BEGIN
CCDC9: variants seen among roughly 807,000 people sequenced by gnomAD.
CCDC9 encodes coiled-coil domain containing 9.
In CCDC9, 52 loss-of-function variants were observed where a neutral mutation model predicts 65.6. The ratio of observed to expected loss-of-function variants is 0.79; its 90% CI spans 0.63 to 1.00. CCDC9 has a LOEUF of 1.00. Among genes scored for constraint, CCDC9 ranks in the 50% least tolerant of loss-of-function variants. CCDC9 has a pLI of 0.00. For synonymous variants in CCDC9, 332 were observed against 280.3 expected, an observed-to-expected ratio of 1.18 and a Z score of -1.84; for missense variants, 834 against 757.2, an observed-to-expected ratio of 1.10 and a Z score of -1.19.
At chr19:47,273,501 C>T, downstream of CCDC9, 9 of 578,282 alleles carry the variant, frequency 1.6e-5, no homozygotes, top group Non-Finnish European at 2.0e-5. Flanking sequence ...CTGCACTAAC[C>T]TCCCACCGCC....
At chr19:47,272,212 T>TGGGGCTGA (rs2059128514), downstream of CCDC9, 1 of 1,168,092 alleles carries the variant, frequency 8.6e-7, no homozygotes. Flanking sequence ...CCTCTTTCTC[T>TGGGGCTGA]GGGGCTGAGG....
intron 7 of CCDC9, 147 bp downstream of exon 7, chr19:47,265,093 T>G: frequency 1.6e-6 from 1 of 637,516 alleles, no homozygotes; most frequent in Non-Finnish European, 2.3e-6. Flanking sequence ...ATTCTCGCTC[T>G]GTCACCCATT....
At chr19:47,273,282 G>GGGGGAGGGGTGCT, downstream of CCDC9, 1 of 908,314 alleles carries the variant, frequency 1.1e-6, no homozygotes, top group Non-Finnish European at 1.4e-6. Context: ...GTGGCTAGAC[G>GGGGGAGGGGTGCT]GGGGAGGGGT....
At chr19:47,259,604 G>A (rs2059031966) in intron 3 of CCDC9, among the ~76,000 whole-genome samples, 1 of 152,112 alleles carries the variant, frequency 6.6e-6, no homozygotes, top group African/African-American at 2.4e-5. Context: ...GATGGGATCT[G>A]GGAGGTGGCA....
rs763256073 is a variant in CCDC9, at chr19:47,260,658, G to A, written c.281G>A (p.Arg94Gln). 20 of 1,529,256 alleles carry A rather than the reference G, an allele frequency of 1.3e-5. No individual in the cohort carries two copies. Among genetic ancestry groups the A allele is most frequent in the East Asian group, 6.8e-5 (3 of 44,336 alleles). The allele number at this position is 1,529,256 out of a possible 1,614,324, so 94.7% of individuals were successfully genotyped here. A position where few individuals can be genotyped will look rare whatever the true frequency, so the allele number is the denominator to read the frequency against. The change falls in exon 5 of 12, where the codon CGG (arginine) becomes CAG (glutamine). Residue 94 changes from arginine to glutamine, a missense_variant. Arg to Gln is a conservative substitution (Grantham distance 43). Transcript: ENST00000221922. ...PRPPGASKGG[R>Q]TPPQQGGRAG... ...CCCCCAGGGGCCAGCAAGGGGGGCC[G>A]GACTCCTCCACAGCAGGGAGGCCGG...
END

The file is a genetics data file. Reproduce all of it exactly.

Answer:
CCDC9: variants seen among roughly 807,000 people sequenced by gnomAD.
CCDC9 encodes coiled-coil domain containing 9.
In CCDC9, 52 loss-of-function variants were observed where a neutral mutation model predicts 65.6. The ratio of observed to expected loss-of-function variants is 0.79; its 90% CI spans 0.63 to 1.00. CCDC9 has a LOEUF of 1.00. Among genes scored for constraint, CCDC9 ranks in the 50% least tolerant of loss-of-function variants. CCDC9 has a pLI of 0.00. For synonymous variants in CCDC9, 332 were observed against 280.3 expected, an observed-to-expected ratio of 1.18 and a Z score of -1.84; for missense variants, 834 against 757.2, an observed-to-expected ratio of 1.10 and a Z score of -1.19.
At chr19:47,273,501 C>T, downstream of CCDC9, 9 of 578,282 alleles carry the variant, frequency 1.6e-5, no homozygotes, top group Non-Finnish European at 2.0e-5. Flanking sequence ...CTGCACTAAC[C>T]TCCCACCGCC....
At chr19:47,272,212 T>TGGGGCTGA (rs2059128514), downstream of CCDC9, 1 of 1,168,092 alleles carries the variant, frequency 8.6e-7, no homozygotes. Flanking sequence ...CCTCTTTCTC[T>TGGGGCTGA]GGGGCTGAGG....
intron 7 of CCDC9, 147 bp downstream of exon 7, chr19:47,265,093 T>G: frequency 1.6e-6 from 1 of 637,516 alleles, no homozygotes; most frequent in Non-Finnish European, 2.3e-6. Flanking sequence ...ATTCTCGCTC[T>G]GTCACCCATT....
At chr19:47,273,282 G>GGGGGAGGGGTGCT, downstream of CCDC9, 1 of 908,314 alleles carries the variant, frequency 1.1e-6, no homozygotes, top group Non-Finnish European at 1.4e-6. Context: ...GTGGCTAGAC[G>GGGGGAGGGGTGCT]GGGGAGGGGT....
At chr19:47,259,604 G>A (rs2059031966) in intron 3 of CCDC9, among the ~76,000 whole-genome samples, 1 of 152,112 alleles carries the variant, frequency 6.6e-6, no homozygotes, top group African/African-American at 2.4e-5. Context: ...GATGGGATCT[G>A]GGAGGTGGCA....
rs763256073 is a variant in CCDC9, at chr19:47,260,658, G to A, written c.281G>A (p.Arg94Gln). 20 of 1,529,256 alleles carry A rather than the reference G, an allele frequency of 1.3e-5. No individual in the cohort carries two copies. Among genetic ancestry groups the A allele is most frequent in the East Asian group, 6.8e-5 (3 of 44,336 alleles). The allele number at this position is 1,529,256 out of a possible 1,614,324, so 94.7% of individuals were successfully genotyped here. A position where few individuals can be genotyped will look rare whatever the true frequency, so the allele number is the denominator to read the frequency against. The change falls in exon 5 of 12, where the codon CGG (arginine) becomes CAG (glutamine). Residue 94 changes from arginine to glutamine, a missense_variant. Arg to Gln is a conservative substitution (Grantham distance 43). Transcript: ENST00000221922. ...PRPPGASKGG[R>Q]TPPQQGGRAG... ...CCCCCAGGGGCCAGCAAGGGGGGCC[G>A]GACTCCTCCACAGCAGGGAGGCCGG...